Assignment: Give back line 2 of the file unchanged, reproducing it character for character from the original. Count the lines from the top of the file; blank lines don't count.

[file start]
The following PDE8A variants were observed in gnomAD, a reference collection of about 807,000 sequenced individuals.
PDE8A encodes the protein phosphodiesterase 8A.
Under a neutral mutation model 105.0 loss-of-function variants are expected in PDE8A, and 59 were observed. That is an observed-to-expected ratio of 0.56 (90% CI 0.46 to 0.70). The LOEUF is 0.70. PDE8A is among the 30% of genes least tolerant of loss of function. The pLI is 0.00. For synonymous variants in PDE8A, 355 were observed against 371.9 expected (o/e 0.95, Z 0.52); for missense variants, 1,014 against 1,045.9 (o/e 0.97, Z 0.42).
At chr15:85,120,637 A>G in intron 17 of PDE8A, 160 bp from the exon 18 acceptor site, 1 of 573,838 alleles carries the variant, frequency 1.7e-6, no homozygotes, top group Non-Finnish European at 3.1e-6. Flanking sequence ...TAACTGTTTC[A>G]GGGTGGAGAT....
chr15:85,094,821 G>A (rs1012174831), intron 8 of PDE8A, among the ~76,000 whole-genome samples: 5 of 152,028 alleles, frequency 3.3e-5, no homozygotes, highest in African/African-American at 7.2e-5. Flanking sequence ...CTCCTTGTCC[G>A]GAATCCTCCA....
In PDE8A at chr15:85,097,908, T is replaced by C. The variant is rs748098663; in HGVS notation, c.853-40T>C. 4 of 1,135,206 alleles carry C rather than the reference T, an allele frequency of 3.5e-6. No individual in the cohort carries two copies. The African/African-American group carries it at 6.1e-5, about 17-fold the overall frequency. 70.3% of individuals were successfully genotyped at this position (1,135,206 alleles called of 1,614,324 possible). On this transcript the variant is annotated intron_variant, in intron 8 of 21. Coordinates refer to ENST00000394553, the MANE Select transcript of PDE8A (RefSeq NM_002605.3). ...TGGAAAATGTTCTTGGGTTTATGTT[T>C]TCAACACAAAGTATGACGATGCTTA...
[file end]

PDE8A encodes the protein phosphodiesterase 8A.